New technologies allow data to be generated at unprecedented rates and scales in fields ranging from high energy physics and nuclear physics to radio astronomy and photon sciences. The resulting data streams are scientifically rich; however, it is becoming increasingly impractical to store them in their entirety. And, while great strides have been made in data reduction in fields such as digital media, scientific data presents unique challenges. Furthermore, one of our greatest challenges is to process and annotate all the data being produced by large scientific instruments. We have fallen into a new age where we can generate data at unprecedented rates, and although it is possible to store a large amount of this data, it is impossible to fully analyze. To fully realize the power and capability of these new scientific facilities, new investments must appear to reduce the size, storage footprint, and time spent to query and analyze this data. Without such investments, ad-hoc decisions will be made to remove data, which will inevitably lead to the loss of important information.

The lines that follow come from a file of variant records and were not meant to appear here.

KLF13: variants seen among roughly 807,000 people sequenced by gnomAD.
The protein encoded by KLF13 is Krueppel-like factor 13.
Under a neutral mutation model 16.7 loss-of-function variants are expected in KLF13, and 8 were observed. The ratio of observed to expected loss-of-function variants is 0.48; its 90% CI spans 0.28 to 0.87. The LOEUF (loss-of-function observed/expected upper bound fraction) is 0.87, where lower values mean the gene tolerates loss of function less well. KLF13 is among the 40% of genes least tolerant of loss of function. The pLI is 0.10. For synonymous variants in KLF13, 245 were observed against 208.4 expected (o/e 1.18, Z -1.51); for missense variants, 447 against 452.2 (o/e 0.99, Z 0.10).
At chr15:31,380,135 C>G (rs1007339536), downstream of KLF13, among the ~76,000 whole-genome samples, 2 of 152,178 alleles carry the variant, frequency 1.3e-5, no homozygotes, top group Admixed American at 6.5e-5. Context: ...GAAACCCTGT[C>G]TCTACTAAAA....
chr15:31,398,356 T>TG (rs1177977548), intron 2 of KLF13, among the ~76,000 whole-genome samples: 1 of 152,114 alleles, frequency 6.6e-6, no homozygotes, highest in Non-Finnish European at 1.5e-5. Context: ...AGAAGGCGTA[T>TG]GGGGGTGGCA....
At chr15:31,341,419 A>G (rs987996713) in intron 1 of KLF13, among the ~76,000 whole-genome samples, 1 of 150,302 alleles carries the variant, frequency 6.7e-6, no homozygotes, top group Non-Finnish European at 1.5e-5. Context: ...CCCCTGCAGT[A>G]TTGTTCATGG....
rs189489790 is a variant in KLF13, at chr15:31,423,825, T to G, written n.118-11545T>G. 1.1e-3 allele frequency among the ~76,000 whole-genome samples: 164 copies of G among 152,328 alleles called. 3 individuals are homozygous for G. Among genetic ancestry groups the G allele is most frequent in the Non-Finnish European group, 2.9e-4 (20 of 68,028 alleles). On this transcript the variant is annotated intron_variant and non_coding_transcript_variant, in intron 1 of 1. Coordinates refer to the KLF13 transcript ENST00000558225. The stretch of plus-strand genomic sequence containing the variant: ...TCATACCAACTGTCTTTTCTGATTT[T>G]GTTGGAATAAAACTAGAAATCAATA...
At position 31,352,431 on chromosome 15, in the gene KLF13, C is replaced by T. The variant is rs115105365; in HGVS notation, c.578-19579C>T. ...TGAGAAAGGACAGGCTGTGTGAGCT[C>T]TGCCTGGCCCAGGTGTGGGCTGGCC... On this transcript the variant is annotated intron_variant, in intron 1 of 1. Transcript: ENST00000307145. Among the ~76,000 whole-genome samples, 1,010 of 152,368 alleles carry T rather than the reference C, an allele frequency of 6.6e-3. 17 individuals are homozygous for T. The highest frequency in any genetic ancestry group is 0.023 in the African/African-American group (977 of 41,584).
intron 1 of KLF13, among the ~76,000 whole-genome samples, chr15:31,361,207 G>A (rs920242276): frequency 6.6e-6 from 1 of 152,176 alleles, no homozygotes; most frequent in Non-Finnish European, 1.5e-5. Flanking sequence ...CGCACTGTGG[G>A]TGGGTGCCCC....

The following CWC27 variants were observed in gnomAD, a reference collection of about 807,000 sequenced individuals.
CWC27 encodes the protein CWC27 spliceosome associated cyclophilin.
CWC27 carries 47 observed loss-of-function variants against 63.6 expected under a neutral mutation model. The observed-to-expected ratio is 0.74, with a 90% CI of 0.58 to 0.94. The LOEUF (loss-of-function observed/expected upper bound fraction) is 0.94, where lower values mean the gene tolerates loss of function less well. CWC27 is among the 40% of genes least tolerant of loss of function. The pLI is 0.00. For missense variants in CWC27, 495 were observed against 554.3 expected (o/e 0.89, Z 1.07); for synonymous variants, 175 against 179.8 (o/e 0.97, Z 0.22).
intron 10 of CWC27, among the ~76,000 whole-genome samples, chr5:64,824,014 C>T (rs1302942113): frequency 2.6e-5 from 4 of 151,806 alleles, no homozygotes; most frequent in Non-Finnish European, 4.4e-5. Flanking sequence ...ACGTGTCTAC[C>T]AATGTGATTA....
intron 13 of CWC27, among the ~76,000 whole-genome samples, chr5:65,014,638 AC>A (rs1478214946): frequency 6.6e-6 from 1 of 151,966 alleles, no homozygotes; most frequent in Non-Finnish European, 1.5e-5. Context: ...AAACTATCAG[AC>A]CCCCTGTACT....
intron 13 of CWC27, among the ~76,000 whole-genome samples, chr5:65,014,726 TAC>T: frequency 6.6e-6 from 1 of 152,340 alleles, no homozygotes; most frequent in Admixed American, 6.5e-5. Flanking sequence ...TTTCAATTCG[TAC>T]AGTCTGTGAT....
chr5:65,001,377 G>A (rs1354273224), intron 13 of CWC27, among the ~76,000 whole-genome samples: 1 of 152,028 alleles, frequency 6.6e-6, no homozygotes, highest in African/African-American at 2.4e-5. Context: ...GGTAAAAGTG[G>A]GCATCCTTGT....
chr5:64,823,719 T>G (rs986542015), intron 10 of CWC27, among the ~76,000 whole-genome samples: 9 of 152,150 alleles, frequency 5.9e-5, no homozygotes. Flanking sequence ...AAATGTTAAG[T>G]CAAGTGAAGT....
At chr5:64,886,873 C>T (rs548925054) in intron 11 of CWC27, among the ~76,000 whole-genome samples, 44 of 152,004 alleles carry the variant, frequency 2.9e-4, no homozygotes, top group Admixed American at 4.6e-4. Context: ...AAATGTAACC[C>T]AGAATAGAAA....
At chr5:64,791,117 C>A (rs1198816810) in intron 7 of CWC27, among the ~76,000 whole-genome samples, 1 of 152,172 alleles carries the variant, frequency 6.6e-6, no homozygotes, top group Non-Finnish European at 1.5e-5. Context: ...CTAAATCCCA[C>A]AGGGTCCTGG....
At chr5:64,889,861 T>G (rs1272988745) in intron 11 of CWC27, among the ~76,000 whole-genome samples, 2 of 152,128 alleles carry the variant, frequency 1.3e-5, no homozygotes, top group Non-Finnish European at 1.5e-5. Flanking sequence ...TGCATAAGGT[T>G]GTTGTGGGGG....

New methods for reducing streaming and voluminous data sets while maintaining accurate representations of scientifically relevant derived quantities of interest (QoIs) are of critical and growing importance for today’s science. Such methods are of particular importance for the dozens of scientific facilities, with aggregate costs in the billions, operated by large facilities around the world and many other science agencies. Many of these facilities face critical decisions concerning the allocation of resources for moving, processing, and storing data. R&D is urgently needed, both to develop improved data reduction methods and to improve understanding of how these methods can be used effectively within facilities and in scientific campaigns. In this tutorial we will first cover the state of the art in lossy compression of scientific datasets, and discuss detail lossy compressors (MGARD, SZ, ZFP) and the errors of both the primary data and errors in Quantities of Interests (QoIs). We will then go into detail to discuss the MGARD compression method. Finally, we will turn on these compression methods with ADIOS and then visualize the data to understand the effect of lossy compression.